6. Just a quick comment on the final Atlantis flight. It’s not a pork-barrel job (hell the thing is on its deathbed, why prolong the inevitable). It’s a commitment to launch the AMS experiment, which will be the only physics/astrophysics experiment in space with a magnet (big, heavy, needs shuttle to launch). AMS was originally bumped due to the Columbia disaster in 2003. The commitment to launch it is essentially political pull by a few very senior physicists. They’re a dying breed, left from WWII when physics was revered. Now physics is just another political mouth to feed. AMS will, in my opinion, be the only worthwhile experiment on the ISS.

    I don’t understand your beef with Kelly in the second paragraph. It’s the revolving door of government and influence, probably only annoying to other astronauts. In some way it makes sense, with an astronaut husband, she is probably more informed than other congress critters. Oh, if only I had gone for the astronaut corps, I could have been one of the 1000 sitting on the sideline too. The future is in the private sector.

    • I am a physics nut first and formost and I agree TOTALLY that the AMS is going to be the only worthwhile experiment on the ISS. I am REALLY glad that NASA is flying it….on Endeavour, the next flight on the schedule, the one commanded by Mark Kelly.

      All Atlantis will be carrying is frozen pizzas and clean underwear at a cost of $600 million. Quote from last week’s Aviation Week story: William Gerstenmaier, the associate administrator for space operations, says Atlantis can deliver enough cargo—“food, water, some components, . . . a lot of little dogs and cats, nothing special—to sustain a six-person station crew and keep them working at full tilt through 2012, even if there are no commercial cargo deliveries.”

      I stand by my statement that flying Atlantis as the last flight is a $600 million job-programs sop to the Florida congressional delegation. I personally would rather NASA fund the commercial cargo companies like SpaceX with another $600 million in 2011 to assure their success instead of putting it into one last what-the-hell-let’s-fly-Atlantis-one-last-unplanned-time-just-because-we’ve-got-the-ET-and-SRBs-to-do-it flight.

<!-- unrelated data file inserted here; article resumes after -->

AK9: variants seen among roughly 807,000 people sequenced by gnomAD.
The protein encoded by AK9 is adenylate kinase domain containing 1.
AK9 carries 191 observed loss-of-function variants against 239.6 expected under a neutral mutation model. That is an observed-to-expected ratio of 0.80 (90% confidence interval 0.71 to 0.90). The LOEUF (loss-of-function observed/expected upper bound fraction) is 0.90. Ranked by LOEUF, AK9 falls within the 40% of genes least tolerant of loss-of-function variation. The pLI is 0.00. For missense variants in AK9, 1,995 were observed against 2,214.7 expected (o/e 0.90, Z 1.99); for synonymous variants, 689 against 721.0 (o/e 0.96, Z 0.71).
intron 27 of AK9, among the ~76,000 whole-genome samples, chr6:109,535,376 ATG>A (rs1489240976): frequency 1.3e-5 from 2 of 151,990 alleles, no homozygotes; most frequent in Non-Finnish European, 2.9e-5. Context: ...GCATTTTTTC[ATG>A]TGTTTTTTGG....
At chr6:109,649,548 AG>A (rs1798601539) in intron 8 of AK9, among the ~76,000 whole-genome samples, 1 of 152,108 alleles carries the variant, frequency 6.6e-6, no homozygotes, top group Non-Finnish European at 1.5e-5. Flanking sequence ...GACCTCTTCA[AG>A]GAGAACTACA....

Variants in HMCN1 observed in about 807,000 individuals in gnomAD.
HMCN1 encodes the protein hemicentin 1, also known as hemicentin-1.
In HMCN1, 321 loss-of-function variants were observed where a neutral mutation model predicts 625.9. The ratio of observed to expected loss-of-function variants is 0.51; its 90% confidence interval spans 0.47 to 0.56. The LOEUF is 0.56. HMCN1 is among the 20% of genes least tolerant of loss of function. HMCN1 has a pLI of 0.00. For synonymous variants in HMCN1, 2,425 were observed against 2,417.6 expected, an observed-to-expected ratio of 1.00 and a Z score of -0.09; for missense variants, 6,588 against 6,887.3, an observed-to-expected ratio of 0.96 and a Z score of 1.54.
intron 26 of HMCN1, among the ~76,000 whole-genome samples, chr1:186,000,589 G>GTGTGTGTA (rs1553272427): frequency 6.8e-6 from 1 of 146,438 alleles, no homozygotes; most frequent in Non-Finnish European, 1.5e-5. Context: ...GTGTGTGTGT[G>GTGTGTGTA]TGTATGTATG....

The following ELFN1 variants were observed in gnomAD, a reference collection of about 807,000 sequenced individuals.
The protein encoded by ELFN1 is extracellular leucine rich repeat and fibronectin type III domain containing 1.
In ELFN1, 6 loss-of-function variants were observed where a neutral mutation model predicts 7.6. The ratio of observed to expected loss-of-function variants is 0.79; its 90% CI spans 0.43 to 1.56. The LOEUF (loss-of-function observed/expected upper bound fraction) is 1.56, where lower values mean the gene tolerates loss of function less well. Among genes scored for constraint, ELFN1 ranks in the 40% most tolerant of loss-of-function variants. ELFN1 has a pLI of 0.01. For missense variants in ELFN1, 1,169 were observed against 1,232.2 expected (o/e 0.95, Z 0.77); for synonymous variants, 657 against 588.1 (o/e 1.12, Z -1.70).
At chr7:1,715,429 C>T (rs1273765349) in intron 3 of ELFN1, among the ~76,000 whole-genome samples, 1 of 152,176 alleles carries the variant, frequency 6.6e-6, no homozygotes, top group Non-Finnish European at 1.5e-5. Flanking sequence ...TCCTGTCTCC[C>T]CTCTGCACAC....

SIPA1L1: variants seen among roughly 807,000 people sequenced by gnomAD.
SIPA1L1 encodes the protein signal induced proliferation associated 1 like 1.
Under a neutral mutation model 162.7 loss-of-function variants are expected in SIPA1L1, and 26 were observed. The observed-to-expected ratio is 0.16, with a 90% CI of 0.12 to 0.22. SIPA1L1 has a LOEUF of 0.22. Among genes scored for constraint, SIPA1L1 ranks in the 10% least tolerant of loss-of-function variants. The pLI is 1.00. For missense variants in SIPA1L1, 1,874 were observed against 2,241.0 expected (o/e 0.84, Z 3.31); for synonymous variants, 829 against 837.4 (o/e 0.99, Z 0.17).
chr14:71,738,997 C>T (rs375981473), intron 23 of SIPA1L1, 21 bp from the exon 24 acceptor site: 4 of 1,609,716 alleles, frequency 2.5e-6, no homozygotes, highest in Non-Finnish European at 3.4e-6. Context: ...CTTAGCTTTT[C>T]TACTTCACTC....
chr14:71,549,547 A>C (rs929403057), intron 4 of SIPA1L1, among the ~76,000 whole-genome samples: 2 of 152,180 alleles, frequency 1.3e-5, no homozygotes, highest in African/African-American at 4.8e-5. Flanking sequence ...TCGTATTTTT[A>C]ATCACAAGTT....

As for Mark Kelly and gabrielle Giffords, I just think that if your spouse is the ranking US Senator on the comimttee which has oversight of your employer, a conflict of interest exists to then put your name in the hat for consideration to fly the highest proile shuttle flight in decades (the putative last one) when you’ve already flown three times and there are others in the astronaut corps that haven’t even flown once. You think anybody at NASA is going to risk pissing off an oversight US Senator by NOT giving her husband The E Ticket one last time if he’s asking for it? You believe them when they say it had absolutely no impact on the crew selection decision? I just find it hard to swallow, personally, and NASA already has too many massive, horrendous conflicts of interest in it now. ATK and near-mandated use of abysmal Isp and reliability solid rockets in Ares / post-Constellation heavy lift, for example…but that’s another rant for another day.

  7. “food, water, some components, . . . a lot of little dogs and cats, nothing special—to sustain a six-person station crew and keep them working at full tilt through 2012, even if there are no commercial cargo deliveries.”

    Other things aside, that quote struck me funny… sounds like they’re eating dogs and cats up there. What’s that, 6 months of Chinese food? :-)